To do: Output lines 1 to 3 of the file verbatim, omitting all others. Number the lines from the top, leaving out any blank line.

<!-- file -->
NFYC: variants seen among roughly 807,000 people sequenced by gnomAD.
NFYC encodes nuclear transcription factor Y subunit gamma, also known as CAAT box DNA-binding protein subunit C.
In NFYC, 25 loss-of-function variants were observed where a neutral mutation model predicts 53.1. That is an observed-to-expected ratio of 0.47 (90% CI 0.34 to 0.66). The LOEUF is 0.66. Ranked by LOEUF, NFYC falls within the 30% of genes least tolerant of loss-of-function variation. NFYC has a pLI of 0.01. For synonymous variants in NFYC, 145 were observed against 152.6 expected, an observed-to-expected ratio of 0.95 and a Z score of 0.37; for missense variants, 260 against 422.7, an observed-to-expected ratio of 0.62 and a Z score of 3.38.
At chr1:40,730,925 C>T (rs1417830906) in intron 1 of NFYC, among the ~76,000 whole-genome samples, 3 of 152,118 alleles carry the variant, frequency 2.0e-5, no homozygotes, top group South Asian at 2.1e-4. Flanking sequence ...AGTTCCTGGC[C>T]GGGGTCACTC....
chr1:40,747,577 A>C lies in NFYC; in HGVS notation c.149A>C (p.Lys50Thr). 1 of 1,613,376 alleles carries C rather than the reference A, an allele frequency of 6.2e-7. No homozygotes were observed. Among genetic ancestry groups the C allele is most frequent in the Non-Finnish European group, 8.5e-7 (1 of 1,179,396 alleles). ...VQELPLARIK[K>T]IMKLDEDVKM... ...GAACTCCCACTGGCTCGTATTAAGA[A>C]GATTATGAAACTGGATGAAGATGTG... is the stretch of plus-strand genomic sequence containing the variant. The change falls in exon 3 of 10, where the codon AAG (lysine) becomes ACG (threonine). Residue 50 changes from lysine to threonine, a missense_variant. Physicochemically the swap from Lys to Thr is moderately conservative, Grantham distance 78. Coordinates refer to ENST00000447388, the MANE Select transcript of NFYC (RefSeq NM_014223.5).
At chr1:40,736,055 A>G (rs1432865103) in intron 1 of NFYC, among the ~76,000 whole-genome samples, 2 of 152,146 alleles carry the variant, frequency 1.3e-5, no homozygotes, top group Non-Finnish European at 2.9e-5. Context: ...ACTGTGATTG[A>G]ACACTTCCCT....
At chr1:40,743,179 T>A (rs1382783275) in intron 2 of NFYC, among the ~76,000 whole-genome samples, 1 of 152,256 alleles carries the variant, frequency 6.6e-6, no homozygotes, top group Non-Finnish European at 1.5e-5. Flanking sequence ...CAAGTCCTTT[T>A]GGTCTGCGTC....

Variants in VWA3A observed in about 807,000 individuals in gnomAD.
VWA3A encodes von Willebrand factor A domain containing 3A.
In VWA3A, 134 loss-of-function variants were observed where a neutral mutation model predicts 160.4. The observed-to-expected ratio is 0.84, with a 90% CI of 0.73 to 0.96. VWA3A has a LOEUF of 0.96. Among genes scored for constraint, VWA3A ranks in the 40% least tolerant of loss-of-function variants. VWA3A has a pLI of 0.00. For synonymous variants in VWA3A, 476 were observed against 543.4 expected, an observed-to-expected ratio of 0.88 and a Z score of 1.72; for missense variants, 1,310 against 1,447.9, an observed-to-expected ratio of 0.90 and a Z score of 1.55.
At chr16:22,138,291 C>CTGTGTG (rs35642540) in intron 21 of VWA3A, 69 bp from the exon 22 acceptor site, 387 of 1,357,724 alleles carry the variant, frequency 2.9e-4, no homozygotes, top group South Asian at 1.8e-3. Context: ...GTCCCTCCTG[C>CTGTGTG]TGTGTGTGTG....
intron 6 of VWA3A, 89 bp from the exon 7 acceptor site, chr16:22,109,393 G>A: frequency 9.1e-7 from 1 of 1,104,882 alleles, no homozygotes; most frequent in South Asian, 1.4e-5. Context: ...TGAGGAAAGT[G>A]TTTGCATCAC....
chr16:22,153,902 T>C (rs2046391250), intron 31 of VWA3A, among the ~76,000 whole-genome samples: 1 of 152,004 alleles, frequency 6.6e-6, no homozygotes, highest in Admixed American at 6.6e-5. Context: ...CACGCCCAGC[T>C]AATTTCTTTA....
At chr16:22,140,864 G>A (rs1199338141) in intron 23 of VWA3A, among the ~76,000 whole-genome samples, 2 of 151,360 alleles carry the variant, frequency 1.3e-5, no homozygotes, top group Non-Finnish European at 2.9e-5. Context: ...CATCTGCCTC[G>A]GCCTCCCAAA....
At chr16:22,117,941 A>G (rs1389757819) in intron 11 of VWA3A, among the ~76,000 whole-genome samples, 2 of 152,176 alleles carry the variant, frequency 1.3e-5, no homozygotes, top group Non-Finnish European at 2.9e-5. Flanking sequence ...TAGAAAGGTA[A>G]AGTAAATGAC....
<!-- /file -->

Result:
NFYC: variants seen among roughly 807,000 people sequenced by gnomAD.
NFYC encodes nuclear transcription factor Y subunit gamma, also known as CAAT box DNA-binding protein subunit C.
In NFYC, 25 loss-of-function variants were observed where a neutral mutation model predicts 53.1. That is an observed-to-expected ratio of 0.47 (90% CI 0.34 to 0.66). The LOEUF is 0.66. Ranked by LOEUF, NFYC falls within the 30% of genes least tolerant of loss-of-function variation. NFYC has a pLI of 0.01. For synonymous variants in NFYC, 145 were observed against 152.6 expected, an observed-to-expected ratio of 0.95 and a Z score of 0.37; for missense variants, 260 against 422.7, an observed-to-expected ratio of 0.62 and a Z score of 3.38.